Christians Welcome Migrant Workers through Concert
PHo To: © JAnE AndrES
A welcome concert hanks migrant work- ers for their hard work in harvesting crops in the niagara rea. In May, the concert featured the toronto Mass Choir.
maica to meet some of their families. “It was wonderful to meet
their awesome families and to
get a sense of what they leave
behind to come to Canada,” explains Andres.
But Christians in at least one farming
community are working hard to make
migrant workers feel welcome.
Jane Andres is the owner of Apple-
wood Hollow Bed and Breakfast in Ni-
agara-on-the-Lake, Ont. Her first attempt
at outreach to the migrant workers that
moved into her community each year was
modest – the draping of a Jamaican flag
and a sign with a simple “Thank You.”
When a worker asked her the reason
for the sign, Andres responded, “I just
want to thank you for your hard work in
harvesting our crops.”
the annual arrival of international migrant workers into Canada’s farming communities is a dramatic change in the makeup of those
Over 26,000 migrant farm workers
come to Canada each year through the
Seasonal Agricultural Worker Program, a
government program that helps Canadian
farmers hire international labour.
With her eyes open to the
physical, emotional and spiritual
needs of migrant workers, the
next step for Andres was to get
other people on board and organize an event to reach out to them.
A welcome concert in 2007
featured soul musicians New-worldson, whose reggae influence
appealed to the migrant workers.
In May 2013 the welcome
concert featured the Toronto
Mass Choir, and it was another
huge success. The event was
hosted at Orchard Park Bible
Church in Niagara-on-the-Lake
to accommodate the growing numbers. It was a time for
migrant workers, farmers and
people from the community to
join together and experience
something beyond cultural differences.
“One of the scripture passages that inspired me to action and sustained me over
the years was Jesus’ command for us to love
God and love our neighbours,” explains
Ironically, those same workers often
feel invisible in their temporary home.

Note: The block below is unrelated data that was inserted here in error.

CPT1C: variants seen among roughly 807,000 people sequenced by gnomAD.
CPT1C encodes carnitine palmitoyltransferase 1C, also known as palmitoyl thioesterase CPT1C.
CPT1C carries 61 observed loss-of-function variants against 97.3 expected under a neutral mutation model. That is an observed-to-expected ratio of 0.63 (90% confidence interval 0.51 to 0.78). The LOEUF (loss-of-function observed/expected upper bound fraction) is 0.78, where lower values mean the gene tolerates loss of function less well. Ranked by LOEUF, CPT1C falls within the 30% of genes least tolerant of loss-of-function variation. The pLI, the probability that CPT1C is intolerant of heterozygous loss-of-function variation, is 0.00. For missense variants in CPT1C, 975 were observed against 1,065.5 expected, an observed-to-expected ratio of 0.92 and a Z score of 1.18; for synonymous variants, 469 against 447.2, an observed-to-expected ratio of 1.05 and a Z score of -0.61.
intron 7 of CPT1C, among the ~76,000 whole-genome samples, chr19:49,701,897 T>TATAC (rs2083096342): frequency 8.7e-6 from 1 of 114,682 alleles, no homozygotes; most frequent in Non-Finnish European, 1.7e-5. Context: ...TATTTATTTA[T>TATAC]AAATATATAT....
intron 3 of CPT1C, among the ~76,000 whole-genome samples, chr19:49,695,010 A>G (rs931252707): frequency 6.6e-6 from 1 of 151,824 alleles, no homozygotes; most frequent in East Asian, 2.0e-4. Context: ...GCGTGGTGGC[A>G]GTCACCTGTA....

Eventually, along with the crops a
friendship grew. Andres even visited Ja-
She sees a huge need to reach migrant
workers and dreams of a time when
churches will catch a vision for this min-
istry. “The place to start is not with pro-
grams but with friendship, with taking the
time to get to know the workers personally,
to do something as simple as offering a ride
to church.” Ft –Stephen Bedard
Apologetics by Blog
A group of Canadian bloggers has grouped together to form a blogging coalition to provide apologetics to a generation that lives online. The Canadian Apologetics Coalition (CAC) collaborates in writing, encouraging one
another and promoting their respective work.
The CAC presently consists of a dozen blogs. Some of the
blogs belong to individual writers, while others are maintained
by multiple bloggers and contain feature articles posted from
other blogs and websites.
share a Twitter feed (@maplecoalition) to keep one another
and their readers updated on their writing activities.
They are also proudly Canadian, acknowledging that a
distinctly Canadian approach to apologetics acknowledges
the multicultural, multifaith reality of our country.
Jojo ruba is a Calgary youth pastor and executive director
of Faith Beyond Belief ( blog.faithbeyondbelief.ca), one of the
“modern apologetics is different because young people are
so desperate for this kind of information, and all this information is available online about why Christianity is not true. It’s
so important for us to be online providing reasons for why